Claimant also stated that on two prior occasions he had experienced "attacks" at work. The first "attack" occurred on April 2, 1974. Claimant stated that the symptoms that he had experienced on this occasion were similar to the symptoms that he experienced on June 25, 1976. On this occasion in 1974, he was taken to Resurrection Hospital and admitted for treatment. He was treated by Dr. Robert J. Lappe, a specialist in pulmonary functions. He remained hospitalized for approximately one week. He was released to the care of Dr. Salzmann and returned to work after approximately three weeks. He worked intermittently for the remainder of the year. He stated that throughout this period he experienced dizziness, difficulty in breathing, and noticed that he was allergic to substances to which he had not previously reacted. On April 29, 1975, claimant experienced substantially similar symptoms and was once again taken to Resurrection Hospital. On this occasion, he remained in the hospital for approximately three hours and was released to the care of Dr. Salzmann. Claimant continued to work intermittently through 1975.
In addition, claimant stated that he served in the United States Air Force as a clerk typist prior to his employment with respondent. While in the Air Force, he completed his general education. He also stated that he had not sought alternative employment. On cross-examination, he stated that he had never experienced an "attack" prior to working for respondent.
Claimant called as his next witness Dr. Marvin J. Salzmann, his treating physician. Dr. Salzmann stated that he was certified by the American College of Physicians and Internists as a specialist in internal medicine and that approximately one-third of his practice was devoted to the treatment of pulmonary diseases. Claimant first sought treatment from Dr. Salzmann in September 1973 for an asthmatic condition and a sore throat. On October 8, 1973, Dr. Salzmann conducted allergy tests and determined that claimant was allergic to inhalent allergins, i.e., weeds, trees, molds, dust, and dog dander. Dr. Salzmann diagnosed claimant's condition as allergic rhinitis (hayfever) and asthma. Claimant was examined by Dr. Salzmann 27 times in 1974, 22 times in 1975, and 22 times in 1976. In addition to these examinations, Dr. Salzmann reviewed the medical records of claimant's admissions to Resurrection Hospital following his attacks at work. He stated that on the basis of his treatment of claimant, his review of the records of claimant's hospitalizations, his knowledge of the causes of bronchial constriction, and the medical history that he had obtained from claimant, it was his medical opinion that claimant's bronchial constrictions at work were caused by allergic asthma and chemical irritants. He stated that these chemical irritants were nitric and sulfuric acids. Dr. Salzmann also stated, in response to a hypothetical question which incorporated the facts surrounding claimant's employment, including the exposure to pollutants, that, based upon a reasonable degree of medical and surgical certainty, these asthmatic attacks might or could be causally connected to the employment. In addition, he stated that this condition totally and permanently disabled claimant from pursuing his employment as a lead ramp serviceman but did not prevent him from pursuing otherwise gainful employment with the company.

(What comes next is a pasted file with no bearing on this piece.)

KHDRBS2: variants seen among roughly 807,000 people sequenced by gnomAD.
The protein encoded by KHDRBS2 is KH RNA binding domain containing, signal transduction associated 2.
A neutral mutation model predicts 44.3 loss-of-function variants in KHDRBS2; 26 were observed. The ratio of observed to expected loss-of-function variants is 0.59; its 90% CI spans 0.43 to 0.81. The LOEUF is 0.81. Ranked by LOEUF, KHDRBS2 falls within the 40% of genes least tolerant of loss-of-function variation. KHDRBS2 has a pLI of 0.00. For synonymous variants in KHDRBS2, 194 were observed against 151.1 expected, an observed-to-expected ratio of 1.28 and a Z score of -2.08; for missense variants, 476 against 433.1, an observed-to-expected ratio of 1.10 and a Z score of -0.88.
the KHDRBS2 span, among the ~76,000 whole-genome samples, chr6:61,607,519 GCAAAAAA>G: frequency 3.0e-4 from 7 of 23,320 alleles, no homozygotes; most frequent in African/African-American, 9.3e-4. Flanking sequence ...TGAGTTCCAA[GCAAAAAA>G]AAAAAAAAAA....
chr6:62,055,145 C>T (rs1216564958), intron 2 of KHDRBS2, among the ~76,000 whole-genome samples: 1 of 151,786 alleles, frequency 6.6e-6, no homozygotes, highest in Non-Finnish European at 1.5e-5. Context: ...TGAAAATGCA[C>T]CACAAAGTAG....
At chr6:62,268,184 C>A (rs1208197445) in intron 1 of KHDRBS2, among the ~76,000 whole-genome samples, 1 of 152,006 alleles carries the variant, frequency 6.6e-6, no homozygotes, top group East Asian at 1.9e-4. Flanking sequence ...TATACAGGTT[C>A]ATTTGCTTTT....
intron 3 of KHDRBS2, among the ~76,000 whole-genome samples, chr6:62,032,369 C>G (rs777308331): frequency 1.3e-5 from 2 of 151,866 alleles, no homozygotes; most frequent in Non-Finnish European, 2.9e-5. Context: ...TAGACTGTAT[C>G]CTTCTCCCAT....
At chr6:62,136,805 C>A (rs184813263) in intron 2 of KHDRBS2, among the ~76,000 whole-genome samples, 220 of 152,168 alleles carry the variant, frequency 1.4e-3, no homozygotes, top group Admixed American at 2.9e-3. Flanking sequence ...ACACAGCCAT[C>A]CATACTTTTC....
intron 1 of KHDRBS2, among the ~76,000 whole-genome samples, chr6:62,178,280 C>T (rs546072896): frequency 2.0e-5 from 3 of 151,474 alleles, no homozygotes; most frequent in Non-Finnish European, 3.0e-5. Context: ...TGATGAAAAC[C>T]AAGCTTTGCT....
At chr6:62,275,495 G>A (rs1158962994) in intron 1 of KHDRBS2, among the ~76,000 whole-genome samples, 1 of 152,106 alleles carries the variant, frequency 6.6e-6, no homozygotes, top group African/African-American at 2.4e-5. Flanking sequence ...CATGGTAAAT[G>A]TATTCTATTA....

On cross-examination, Dr. Salzmann stated that he had not tested claimant for allergic reactions to substances encountered at work and that his records did not indicate that this condition was employment related. He stated that in formulating his opinion, he did not visit claimant's work site, did not sample the air to determine which pollutants were present, did not consider the weather conditions on June 25, 1976, did not determine what type of plant life existed in the fields surrounding O'Hare Airport, did not sample the exhaust fumes of any jet engine at O'Hare Airport, and he was not aware of the substances to which petitioner could have been exposed prior to his arrival at work on June 25, 1976. Dr. Salzmann stated that he had, however, studied the properties and mechanics of jet engines while he was a flight surgeon in the United States Air Force. In addition, he stated that, at the time of arbitration, November 29, 1976, claimant's condition had improved. He attributed this improvement in part to claimant's absence from work, and in part to the medication prescribed.
On redirect examination, Dr. Salzmann stated that in order to formulate his opinion that claimant's condition was work connected, it was not necessary that he consider and test all of the factors suggested by respondent on cross-examination. He stated that to his knowledge claimant had not suffered an attack since June 25, 1976, nor had he been exposed to any jet exhaust fumes.